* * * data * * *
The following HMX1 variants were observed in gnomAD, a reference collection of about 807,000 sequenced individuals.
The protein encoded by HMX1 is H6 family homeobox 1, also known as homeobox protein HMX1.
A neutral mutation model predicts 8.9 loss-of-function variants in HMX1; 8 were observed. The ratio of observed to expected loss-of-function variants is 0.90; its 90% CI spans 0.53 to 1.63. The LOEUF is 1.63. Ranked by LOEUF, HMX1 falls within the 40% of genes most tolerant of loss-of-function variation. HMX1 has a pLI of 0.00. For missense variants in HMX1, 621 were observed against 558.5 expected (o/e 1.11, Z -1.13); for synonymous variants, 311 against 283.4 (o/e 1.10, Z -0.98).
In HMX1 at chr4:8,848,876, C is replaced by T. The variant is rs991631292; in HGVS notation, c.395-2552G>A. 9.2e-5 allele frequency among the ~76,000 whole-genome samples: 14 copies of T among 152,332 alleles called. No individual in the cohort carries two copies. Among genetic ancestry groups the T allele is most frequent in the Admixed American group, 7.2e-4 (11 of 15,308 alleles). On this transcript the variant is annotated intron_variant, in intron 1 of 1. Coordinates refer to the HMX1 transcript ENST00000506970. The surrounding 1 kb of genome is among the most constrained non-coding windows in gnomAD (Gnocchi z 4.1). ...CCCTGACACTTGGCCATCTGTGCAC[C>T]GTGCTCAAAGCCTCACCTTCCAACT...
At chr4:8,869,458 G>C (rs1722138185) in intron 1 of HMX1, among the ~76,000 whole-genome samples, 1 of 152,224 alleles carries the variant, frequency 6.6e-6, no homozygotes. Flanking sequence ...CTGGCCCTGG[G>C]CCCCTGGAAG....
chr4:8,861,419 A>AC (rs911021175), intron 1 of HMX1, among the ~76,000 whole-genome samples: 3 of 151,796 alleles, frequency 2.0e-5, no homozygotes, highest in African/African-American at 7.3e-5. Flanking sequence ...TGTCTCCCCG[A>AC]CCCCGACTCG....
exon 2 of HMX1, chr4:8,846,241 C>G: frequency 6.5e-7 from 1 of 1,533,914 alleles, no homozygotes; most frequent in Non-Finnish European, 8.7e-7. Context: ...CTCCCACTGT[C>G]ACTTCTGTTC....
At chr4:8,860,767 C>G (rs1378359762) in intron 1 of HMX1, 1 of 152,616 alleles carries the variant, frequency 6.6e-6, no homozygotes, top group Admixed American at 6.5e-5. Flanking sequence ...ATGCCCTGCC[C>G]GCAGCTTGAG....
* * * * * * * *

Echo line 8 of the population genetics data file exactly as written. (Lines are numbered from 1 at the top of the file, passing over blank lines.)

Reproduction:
At chr4:8,860,767 C>G (rs1378359762) in intron 1 of HMX1, 1 of 152,616 alleles carries the variant, frequency 6.6e-6, no homozygotes, top group Admixed American at 6.5e-5. Flanking sequence ...ATGCCCTGCC[C>G]GCAGCTTGAG....